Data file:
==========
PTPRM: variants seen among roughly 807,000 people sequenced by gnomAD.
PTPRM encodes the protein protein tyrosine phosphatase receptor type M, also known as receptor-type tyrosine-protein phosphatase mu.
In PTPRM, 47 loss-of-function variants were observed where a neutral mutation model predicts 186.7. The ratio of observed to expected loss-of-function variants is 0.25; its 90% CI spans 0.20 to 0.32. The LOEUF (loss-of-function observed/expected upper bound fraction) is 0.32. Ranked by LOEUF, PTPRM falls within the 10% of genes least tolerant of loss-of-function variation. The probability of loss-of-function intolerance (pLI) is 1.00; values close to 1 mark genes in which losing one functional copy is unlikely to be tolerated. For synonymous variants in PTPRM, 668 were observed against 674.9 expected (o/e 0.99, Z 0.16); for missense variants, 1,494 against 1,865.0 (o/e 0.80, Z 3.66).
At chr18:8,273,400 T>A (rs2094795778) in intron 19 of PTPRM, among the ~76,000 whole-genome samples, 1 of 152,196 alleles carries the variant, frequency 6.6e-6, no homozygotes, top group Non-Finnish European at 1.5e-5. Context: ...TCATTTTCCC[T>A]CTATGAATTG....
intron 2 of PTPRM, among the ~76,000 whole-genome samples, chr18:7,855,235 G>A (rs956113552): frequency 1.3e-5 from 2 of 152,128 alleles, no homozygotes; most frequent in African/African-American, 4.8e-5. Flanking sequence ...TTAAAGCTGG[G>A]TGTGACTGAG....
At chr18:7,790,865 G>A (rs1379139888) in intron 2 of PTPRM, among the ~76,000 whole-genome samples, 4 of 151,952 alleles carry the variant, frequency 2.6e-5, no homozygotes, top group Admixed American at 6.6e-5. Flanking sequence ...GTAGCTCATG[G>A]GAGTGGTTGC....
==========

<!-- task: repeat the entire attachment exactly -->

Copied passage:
PTPRM: variants seen among roughly 807,000 people sequenced by gnomAD.
PTPRM encodes the protein protein tyrosine phosphatase receptor type M, also known as receptor-type tyrosine-protein phosphatase mu.
In PTPRM, 47 loss-of-function variants were observed where a neutral mutation model predicts 186.7. The ratio of observed to expected loss-of-function variants is 0.25; its 90% CI spans 0.20 to 0.32. The LOEUF (loss-of-function observed/expected upper bound fraction) is 0.32. Ranked by LOEUF, PTPRM falls within the 10% of genes least tolerant of loss-of-function variation. The probability of loss-of-function intolerance (pLI) is 1.00; values close to 1 mark genes in which losing one functional copy is unlikely to be tolerated. For synonymous variants in PTPRM, 668 were observed against 674.9 expected (o/e 0.99, Z 0.16); for missense variants, 1,494 against 1,865.0 (o/e 0.80, Z 3.66).
At chr18:8,273,400 T>A (rs2094795778) in intron 19 of PTPRM, among the ~76,000 whole-genome samples, 1 of 152,196 alleles carries the variant, frequency 6.6e-6, no homozygotes, top group Non-Finnish European at 1.5e-5. Context: ...TCATTTTCCC[T>A]CTATGAATTG....
intron 2 of PTPRM, among the ~76,000 whole-genome samples, chr18:7,855,235 G>A (rs956113552): frequency 1.3e-5 from 2 of 152,128 alleles, no homozygotes; most frequent in African/African-American, 4.8e-5. Flanking sequence ...TTAAAGCTGG[G>A]TGTGACTGAG....
At chr18:7,790,865 G>A (rs1379139888) in intron 2 of PTPRM, among the ~76,000 whole-genome samples, 4 of 151,952 alleles carry the variant, frequency 2.6e-5, no homozygotes, top group Admixed American at 6.6e-5. Flanking sequence ...GTAGCTCATG[G>A]GAGTGGTTGC....